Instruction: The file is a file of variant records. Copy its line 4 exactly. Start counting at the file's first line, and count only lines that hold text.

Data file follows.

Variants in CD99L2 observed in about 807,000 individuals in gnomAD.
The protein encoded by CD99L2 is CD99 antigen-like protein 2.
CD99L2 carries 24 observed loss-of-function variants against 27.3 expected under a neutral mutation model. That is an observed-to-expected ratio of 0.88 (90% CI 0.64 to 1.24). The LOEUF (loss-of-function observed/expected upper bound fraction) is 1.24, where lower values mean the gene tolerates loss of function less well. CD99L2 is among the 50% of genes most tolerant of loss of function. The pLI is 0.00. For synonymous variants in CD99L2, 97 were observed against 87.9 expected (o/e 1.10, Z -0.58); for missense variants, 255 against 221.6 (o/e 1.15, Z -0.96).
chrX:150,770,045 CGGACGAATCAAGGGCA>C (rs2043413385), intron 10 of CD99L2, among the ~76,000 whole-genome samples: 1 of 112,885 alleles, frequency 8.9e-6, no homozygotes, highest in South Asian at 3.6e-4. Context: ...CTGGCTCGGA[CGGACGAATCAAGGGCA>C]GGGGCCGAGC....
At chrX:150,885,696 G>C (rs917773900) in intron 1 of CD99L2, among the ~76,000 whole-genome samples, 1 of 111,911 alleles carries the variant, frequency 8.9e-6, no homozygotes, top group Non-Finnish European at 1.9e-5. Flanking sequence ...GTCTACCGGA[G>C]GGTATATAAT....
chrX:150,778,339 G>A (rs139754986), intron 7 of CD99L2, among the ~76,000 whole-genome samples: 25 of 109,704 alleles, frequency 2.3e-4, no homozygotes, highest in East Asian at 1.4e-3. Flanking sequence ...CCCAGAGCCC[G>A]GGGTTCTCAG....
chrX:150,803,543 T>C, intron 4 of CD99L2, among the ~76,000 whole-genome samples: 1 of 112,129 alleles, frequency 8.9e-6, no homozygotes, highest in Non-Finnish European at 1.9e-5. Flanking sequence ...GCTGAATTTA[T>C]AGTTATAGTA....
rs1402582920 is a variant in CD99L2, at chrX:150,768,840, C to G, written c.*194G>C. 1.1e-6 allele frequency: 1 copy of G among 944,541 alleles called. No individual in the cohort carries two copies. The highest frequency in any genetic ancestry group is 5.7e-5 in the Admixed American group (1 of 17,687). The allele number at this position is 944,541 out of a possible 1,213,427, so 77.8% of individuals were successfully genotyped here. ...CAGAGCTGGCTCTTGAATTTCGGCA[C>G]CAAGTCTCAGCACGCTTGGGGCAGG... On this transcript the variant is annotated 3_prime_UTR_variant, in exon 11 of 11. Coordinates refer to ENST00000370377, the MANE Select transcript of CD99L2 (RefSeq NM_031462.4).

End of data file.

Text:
chrX:150,770,045 CGGACGAATCAAGGGCA>C (rs2043413385), intron 10 of CD99L2, among the ~76,000 whole-genome samples: 1 of 112,885 alleles, frequency 8.9e-6, no homozygotes, highest in South Asian at 3.6e-4. Context: ...CTGGCTCGGA[CGGACGAATCAAGGGCA>C]GGGGCCGAGC....